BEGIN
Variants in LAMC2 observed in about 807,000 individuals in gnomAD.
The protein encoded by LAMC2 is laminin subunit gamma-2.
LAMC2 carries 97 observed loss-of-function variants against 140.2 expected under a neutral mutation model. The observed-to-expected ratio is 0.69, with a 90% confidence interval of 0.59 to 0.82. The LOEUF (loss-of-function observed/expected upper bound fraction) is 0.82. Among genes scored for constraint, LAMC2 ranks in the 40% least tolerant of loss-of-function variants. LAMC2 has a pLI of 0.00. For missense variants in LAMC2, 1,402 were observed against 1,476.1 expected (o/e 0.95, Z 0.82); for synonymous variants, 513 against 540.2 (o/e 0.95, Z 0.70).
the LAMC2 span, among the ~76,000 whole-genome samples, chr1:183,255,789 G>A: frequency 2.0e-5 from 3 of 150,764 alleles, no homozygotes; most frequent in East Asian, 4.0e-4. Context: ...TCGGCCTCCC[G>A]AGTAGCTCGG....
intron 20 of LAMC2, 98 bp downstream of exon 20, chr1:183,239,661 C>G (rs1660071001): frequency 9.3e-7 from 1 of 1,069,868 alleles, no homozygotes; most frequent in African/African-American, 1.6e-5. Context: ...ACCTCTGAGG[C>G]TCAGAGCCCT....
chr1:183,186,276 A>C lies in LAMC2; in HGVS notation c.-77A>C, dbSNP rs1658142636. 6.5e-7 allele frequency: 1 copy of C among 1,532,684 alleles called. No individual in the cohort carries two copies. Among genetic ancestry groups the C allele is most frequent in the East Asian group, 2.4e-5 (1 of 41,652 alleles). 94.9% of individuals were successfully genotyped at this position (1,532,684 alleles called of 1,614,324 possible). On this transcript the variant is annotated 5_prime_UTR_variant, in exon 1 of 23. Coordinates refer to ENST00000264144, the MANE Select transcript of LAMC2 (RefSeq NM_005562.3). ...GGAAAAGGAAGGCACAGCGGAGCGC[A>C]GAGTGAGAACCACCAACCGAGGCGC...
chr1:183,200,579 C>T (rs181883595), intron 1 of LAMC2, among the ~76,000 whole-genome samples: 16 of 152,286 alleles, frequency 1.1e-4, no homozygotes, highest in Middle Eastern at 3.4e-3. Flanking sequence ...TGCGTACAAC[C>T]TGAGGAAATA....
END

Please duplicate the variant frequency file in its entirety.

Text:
Variants in LAMC2 observed in about 807,000 individuals in gnomAD.
The protein encoded by LAMC2 is laminin subunit gamma-2.
LAMC2 carries 97 observed loss-of-function variants against 140.2 expected under a neutral mutation model. The observed-to-expected ratio is 0.69, with a 90% confidence interval of 0.59 to 0.82. The LOEUF (loss-of-function observed/expected upper bound fraction) is 0.82. Among genes scored for constraint, LAMC2 ranks in the 40% least tolerant of loss-of-function variants. LAMC2 has a pLI of 0.00. For missense variants in LAMC2, 1,402 were observed against 1,476.1 expected (o/e 0.95, Z 0.82); for synonymous variants, 513 against 540.2 (o/e 0.95, Z 0.70).
the LAMC2 span, among the ~76,000 whole-genome samples, chr1:183,255,789 G>A: frequency 2.0e-5 from 3 of 150,764 alleles, no homozygotes; most frequent in East Asian, 4.0e-4. Context: ...TCGGCCTCCC[G>A]AGTAGCTCGG....
intron 20 of LAMC2, 98 bp downstream of exon 20, chr1:183,239,661 C>G (rs1660071001): frequency 9.3e-7 from 1 of 1,069,868 alleles, no homozygotes; most frequent in African/African-American, 1.6e-5. Context: ...ACCTCTGAGG[C>G]TCAGAGCCCT....
chr1:183,186,276 A>C lies in LAMC2; in HGVS notation c.-77A>C, dbSNP rs1658142636. 6.5e-7 allele frequency: 1 copy of C among 1,532,684 alleles called. No individual in the cohort carries two copies. Among genetic ancestry groups the C allele is most frequent in the East Asian group, 2.4e-5 (1 of 41,652 alleles). 94.9% of individuals were successfully genotyped at this position (1,532,684 alleles called of 1,614,324 possible). On this transcript the variant is annotated 5_prime_UTR_variant, in exon 1 of 23. Coordinates refer to ENST00000264144, the MANE Select transcript of LAMC2 (RefSeq NM_005562.3). ...GGAAAAGGAAGGCACAGCGGAGCGC[A>C]GAGTGAGAACCACCAACCGAGGCGC...
chr1:183,200,579 C>T (rs181883595), intron 1 of LAMC2, among the ~76,000 whole-genome samples: 16 of 152,286 alleles, frequency 1.1e-4, no homozygotes, highest in Middle Eastern at 3.4e-3. Flanking sequence ...TGCGTACAAC[C>T]TGAGGAAATA....